me. Like if we were to accept dcbnl as part of the UAPI for TSN, how
  does this fact fit within our story that the already use the tc-taprio
  map to map priorities to traffic classes?


- pro: is in the same subsystem as MAC merge layer configuration (for
  which I have no doubts that ethtool is the right place)

- pro: is not aligned to any specific vertical use case, like dcbnl is

- con: knows nothing about priorities

- con: for hardware where FP adminStatus is per traffic class rather
  than per priority, we'll have to change the adminStatus not only from
  changes made via ethtool to the FP adminStatus, but also from changes
  made to the prio_tc_map (tc I guess?). But this may also be a subtle
  pro for dcbnl, since that has its own prio_tc_map, so we'd remain
  within the same subsystem?

tc (part of tc-mqprio and tc-taprio):

- open question: does the FP adminStatus influence scheduling or not?
  Normally I'd say no, adminStatus only decides whether the eMAC or pMAC
  will be used to send a frame, and this is orthogonal to scheduling.
  But 802.1Q says that "It should be noted that, other things being
  equal, designating a priority as “express” effectively increases its
  priority above that of any priority designated as “preemptible”."
  Is this phrase enough to justify a modification of the qdisc dequeue
  method in, say, taprio, which would prioritize a lower priority qdisc
  queue A over a higher one B, if A is express but B is preemptable?

- pro: assuming that in lack of tc-mqprio or tc-taprio, an interface's
  number of traffic classes will collapse to 1, then putting FP
  adminStatus here makes it trivial to support hardware with FP per
  traffic class

- con: more difficult for user space to change FP adminStatus
  independently of the current qdisc?

> >> > No; as mentioned, going through mqprio's "map" and "queues" to resolve
> >> > the priority to a queue is something that I intended to be possible.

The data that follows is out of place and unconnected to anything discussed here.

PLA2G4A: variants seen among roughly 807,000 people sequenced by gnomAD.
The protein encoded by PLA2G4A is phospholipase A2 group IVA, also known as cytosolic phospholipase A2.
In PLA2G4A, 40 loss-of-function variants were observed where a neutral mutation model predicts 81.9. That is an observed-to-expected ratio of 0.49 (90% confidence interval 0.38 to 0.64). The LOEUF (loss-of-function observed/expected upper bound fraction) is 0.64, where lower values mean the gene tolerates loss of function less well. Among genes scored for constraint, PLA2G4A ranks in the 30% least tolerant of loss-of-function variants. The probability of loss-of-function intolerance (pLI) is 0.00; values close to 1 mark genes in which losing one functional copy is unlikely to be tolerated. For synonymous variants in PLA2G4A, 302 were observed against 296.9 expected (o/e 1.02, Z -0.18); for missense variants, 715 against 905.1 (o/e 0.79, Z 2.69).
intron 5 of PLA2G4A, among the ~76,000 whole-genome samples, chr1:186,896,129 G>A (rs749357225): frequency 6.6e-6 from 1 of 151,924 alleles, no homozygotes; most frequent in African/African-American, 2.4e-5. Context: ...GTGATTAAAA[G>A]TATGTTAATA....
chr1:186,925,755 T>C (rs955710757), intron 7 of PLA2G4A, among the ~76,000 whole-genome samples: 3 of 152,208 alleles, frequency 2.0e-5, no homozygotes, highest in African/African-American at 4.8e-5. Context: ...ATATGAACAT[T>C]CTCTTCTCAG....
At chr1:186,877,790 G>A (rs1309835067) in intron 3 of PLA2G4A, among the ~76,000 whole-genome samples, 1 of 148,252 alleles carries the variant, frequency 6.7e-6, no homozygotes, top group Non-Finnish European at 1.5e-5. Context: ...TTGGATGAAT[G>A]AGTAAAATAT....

> >> > Sure, it's not handy either. It would have been handier if the
> >> > "admin-status" array was part of the tc-mqprio config, like you did in
> >> > your RFC.
> >> 
> >> Just to be sure, say that my plan is that I document that for the igc
> >> driver, the mapping of priorities for the "FP" command is prio (0) ->
> >> queue (0), prio (1) -> queue (1), and so on. Note that the mqprio
> >> mapping could be that "skb->priority" 10 goes to TC 1 which is mapped to
> >> queue 0. Would this be ok?
> >
> > If skb->priority 10 goes to TC 1 via the prio_tc_map, and finally lands
> > in queue 0 where your actual FP knob is, then I'd expect the driver to
> > follow the reverse path between queue -> tc -> prios mapped to that tc.
> > And I would not state that prio 0 is queue 0 and skb->priority values
> > from the whole spectrum may land there, kthxbye. Also, didn't you say
> > earlier that "lowest queue index (0) has highest priority"? In Linux,
> > skb->priority 0 has lower priority that skb->priority 1. How does that
> > work out?
> >
> Ah, sorry for the confusion, when I said "lowest queue index (0) has
> highest priority" it was more in the sense that queue 0 has higher
> precedence, packets from it are fetched first, that kind of thing.

Fetched first by whom?
In ENETC, the transmission selection chooses between TX BD rings whose
configured priority maps to the same traffic class based on a weighted
round robin dequeuing policy. Groups of TX BD rings of different
priorities are in strict priority dequeuing relative to each other.
And the number of the TX BD ring has nothing to do with its priority.

> > In fact, for both enetc and felix, I have to do this exact thing as you,
> > except that my hardware knobs are halfway in the path (per tc, not per
> > queue). The reason why I'm not doing it is because we only consider the
> > 1:1 prio_tc_map, so we use "prio" and "tc" interchangeably.
> >
> Hm, that's interesting. I think that's a difference on how we are
> modeling our traffic, here's one very common mqprio config for AVB use
> cases:
> $ tc qdisc replace dev $IFACE parent root handle 100 mqprio \